The International Emissions Trading Association (IETA), part of the Business Action for Energy seeks the development of an active, global greenhouse gas market, consistent across national boundaries and involving all flexibility mechanisms: the Clean Development Mechanism, Joint Implementation and emissions trading.
The Business Action for Energy (BAE) is an ad-hoc, temporary business initiative bringing together a comprehensive network of global businesses. It looks to cover;
Members of Business Action for Energy
The IETA aims to;
IETA has established a number of Working Groups that meet in workshops and seminars on topics that include; accounting, taxation, trade agreements, registries, validation and verification, as well as issues in the CDM (Clean Development Mechanism, set up following the Kyoto Protocol).
IETA aims to develop and deliver courses on validation and verification based on the Validation & Verification Manual being developed with the World Bank as well as Workshops on Contracts for the CDM. More specifically the IETA is working with the World Bank Carbon Finance Unit (CFU).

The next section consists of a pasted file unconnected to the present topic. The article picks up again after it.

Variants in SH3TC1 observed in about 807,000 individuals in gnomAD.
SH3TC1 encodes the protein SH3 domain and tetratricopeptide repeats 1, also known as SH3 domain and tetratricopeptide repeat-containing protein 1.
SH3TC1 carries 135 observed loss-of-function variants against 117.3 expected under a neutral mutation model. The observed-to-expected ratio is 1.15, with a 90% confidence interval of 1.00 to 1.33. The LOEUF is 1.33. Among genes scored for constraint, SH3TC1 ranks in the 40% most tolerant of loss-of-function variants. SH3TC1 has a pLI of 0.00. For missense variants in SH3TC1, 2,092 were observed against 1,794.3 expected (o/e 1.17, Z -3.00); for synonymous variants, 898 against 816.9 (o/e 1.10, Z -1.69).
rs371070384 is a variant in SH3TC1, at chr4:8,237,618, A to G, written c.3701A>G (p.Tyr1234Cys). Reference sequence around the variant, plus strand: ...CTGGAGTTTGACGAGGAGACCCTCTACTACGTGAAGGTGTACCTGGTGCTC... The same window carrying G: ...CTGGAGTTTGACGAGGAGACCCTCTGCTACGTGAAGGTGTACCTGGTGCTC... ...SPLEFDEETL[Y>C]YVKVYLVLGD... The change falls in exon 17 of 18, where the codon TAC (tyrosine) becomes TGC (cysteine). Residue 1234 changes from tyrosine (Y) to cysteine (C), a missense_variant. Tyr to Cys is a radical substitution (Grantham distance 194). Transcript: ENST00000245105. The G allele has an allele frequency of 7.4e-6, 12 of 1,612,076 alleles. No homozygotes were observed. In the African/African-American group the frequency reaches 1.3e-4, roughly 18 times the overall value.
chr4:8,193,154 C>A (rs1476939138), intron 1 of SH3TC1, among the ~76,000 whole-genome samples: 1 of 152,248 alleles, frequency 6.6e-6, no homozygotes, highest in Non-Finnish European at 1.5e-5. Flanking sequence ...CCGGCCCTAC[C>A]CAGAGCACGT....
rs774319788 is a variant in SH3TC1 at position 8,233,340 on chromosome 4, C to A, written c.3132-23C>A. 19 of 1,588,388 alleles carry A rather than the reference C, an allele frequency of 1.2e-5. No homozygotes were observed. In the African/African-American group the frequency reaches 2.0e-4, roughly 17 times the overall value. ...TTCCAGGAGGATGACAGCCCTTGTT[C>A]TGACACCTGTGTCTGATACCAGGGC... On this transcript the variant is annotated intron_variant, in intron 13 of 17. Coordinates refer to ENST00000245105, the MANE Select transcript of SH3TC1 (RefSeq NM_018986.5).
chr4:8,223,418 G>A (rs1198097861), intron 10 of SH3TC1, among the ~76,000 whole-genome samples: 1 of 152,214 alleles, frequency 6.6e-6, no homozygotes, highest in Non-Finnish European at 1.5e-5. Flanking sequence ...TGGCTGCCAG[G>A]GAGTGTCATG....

The World Bank Carbon Finance Unit
The CFU uses money contributed by governments and companies in OECD countries to purchase project-based greenhouse gas emission reductions in developing countries and countries with economies in transition. The emission reductions are purchased through one of the CFU’s carbon funds on behalf of the contributor, and within the framework of the Kyoto Protocol’s Clean Development Mechanism (CDM) or Joint Implementation (JI).
The CFU says it does not lend or grant resources to projects, but rather contracts to purchase emission reductions similar to a commercial transaction, paying for them annually or periodically once they have been verified by a third party auditor. The CFU says the selling of emission reductions – or carbon finance – has been shown to increase the bankability of projects, by adding an additional revenue stream in hard currency, which reduces the risks of commercial lending or grant finance. Thus, carbon finance provides a means of leveraging new private and public investment into projects that reduce greenhouse gas emissions, thereby mitigating climate change while contributing to sustainable development.
The CFU says that the role of the Bank’s Carbon Finance Unit is to catalyze a global carbon market that reduces transaction costs, supports sustainable development and reaches and benefits the poorer communities of the developing world.
Although still in its infancy the global carbon market is clearly something business, the World Bank, governments and the UN’s CDM agency are keen to put in place and see working. The links are there between these organisations and the agenda set for a carbon market expansion during 2008/09. Quite for whom this would work best for is still unclear.